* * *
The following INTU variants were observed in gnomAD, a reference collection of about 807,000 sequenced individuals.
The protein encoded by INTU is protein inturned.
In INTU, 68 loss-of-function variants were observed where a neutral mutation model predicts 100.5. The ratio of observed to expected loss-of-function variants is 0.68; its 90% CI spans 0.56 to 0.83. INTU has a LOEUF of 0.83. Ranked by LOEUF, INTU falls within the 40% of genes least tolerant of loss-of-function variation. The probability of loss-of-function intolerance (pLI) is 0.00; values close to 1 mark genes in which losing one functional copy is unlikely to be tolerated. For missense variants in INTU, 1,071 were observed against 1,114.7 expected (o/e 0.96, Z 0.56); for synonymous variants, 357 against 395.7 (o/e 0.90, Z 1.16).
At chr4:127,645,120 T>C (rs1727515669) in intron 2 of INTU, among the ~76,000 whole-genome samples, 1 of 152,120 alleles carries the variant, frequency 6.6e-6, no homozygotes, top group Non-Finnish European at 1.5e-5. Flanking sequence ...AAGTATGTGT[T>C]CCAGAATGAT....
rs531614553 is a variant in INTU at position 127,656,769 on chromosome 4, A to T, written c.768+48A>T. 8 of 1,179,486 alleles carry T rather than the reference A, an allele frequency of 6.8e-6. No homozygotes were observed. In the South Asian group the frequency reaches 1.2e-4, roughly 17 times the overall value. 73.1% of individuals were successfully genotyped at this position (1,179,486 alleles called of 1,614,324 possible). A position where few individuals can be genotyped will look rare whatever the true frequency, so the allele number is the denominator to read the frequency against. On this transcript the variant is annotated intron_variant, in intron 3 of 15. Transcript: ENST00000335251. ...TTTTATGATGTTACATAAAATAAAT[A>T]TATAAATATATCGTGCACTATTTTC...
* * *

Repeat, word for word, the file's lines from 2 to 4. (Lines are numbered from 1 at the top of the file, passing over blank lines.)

The protein encoded by INTU is protein inturned.
In INTU, 68 loss-of-function variants were observed where a neutral mutation model predicts 100.5. The ratio of observed to expected loss-of-function variants is 0.68; its 90% CI spans 0.56 to 0.83. INTU has a LOEUF of 0.83. Ranked by LOEUF, INTU falls within the 40% of genes least tolerant of loss-of-function variation. The probability of loss-of-function intolerance (pLI) is 0.00; values close to 1 mark genes in which losing one functional copy is unlikely to be tolerated. For missense variants in INTU, 1,071 were observed against 1,114.7 expected (o/e 0.96, Z 0.56); for synonymous variants, 357 against 395.7 (o/e 0.90, Z 1.16).
At chr4:127,645,120 T>C (rs1727515669) in intron 2 of INTU, among the ~76,000 whole-genome samples, 1 of 152,120 alleles carries the variant, frequency 6.6e-6, no homozygotes, top group Non-Finnish European at 1.5e-5. Flanking sequence ...AAGTATGTGT[T>C]CCAGAATGAT....